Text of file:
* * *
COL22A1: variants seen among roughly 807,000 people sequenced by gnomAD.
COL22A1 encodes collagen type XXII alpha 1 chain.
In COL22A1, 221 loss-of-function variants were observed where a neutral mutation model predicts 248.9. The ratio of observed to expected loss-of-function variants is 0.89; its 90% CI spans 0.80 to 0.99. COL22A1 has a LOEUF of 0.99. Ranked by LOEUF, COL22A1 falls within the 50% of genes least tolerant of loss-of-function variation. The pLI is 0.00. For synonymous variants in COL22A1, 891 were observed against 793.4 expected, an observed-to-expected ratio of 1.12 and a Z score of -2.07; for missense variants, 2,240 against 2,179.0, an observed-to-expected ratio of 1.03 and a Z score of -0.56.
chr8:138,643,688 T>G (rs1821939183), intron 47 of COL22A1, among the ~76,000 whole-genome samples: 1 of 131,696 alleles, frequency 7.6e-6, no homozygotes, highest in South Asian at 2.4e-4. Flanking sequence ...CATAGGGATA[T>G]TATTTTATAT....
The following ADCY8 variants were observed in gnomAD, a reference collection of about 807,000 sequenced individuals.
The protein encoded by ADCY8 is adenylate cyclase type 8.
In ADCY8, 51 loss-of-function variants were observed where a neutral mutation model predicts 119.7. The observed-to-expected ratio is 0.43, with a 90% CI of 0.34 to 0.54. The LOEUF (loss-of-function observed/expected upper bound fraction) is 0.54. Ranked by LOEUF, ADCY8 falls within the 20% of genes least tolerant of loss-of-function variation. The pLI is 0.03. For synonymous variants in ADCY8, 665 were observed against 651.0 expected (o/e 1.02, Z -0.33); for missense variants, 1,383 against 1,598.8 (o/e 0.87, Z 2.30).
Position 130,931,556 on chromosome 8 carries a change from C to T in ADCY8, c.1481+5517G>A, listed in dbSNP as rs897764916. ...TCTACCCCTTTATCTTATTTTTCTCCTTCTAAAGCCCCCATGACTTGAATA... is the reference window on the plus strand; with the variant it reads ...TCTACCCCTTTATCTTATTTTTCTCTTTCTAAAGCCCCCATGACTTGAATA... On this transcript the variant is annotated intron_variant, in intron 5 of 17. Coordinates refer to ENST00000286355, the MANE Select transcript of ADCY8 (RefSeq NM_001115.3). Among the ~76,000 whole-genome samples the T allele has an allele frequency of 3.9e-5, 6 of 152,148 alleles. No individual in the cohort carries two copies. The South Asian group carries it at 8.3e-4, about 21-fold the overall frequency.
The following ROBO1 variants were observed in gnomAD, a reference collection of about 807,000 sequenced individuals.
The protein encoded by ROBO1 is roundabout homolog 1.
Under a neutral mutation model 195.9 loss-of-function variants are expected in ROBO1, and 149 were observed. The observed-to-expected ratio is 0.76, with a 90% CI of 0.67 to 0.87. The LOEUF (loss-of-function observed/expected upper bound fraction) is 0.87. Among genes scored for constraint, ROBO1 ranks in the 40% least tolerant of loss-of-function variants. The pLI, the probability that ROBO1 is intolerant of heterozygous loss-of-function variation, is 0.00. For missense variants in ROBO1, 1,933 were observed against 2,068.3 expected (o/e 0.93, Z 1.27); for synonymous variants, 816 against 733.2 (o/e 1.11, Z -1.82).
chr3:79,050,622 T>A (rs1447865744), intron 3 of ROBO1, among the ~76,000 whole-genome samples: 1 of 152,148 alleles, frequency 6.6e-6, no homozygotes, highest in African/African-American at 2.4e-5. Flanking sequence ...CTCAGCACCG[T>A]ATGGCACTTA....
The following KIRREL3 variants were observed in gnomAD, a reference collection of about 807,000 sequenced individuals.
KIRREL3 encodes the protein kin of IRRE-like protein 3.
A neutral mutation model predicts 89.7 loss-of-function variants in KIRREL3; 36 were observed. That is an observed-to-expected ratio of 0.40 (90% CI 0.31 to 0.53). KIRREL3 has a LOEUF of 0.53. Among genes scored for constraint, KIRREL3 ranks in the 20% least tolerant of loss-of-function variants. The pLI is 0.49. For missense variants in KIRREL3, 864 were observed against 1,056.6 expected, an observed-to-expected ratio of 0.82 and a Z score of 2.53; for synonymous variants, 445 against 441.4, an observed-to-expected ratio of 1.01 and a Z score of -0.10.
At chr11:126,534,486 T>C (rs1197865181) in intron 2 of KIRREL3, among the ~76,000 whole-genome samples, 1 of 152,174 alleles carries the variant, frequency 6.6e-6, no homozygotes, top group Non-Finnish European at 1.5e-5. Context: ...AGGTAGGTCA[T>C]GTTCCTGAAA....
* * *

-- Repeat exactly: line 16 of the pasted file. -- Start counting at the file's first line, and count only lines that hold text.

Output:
At chr11:126,534,486 T>C (rs1197865181) in intron 2 of KIRREL3, among the ~76,000 whole-genome samples, 1 of 152,174 alleles carries the variant, frequency 6.6e-6, no homozygotes, top group Non-Finnish European at 1.5e-5. Context: ...AGGTAGGTCA[T>C]GTTCCTGAAA....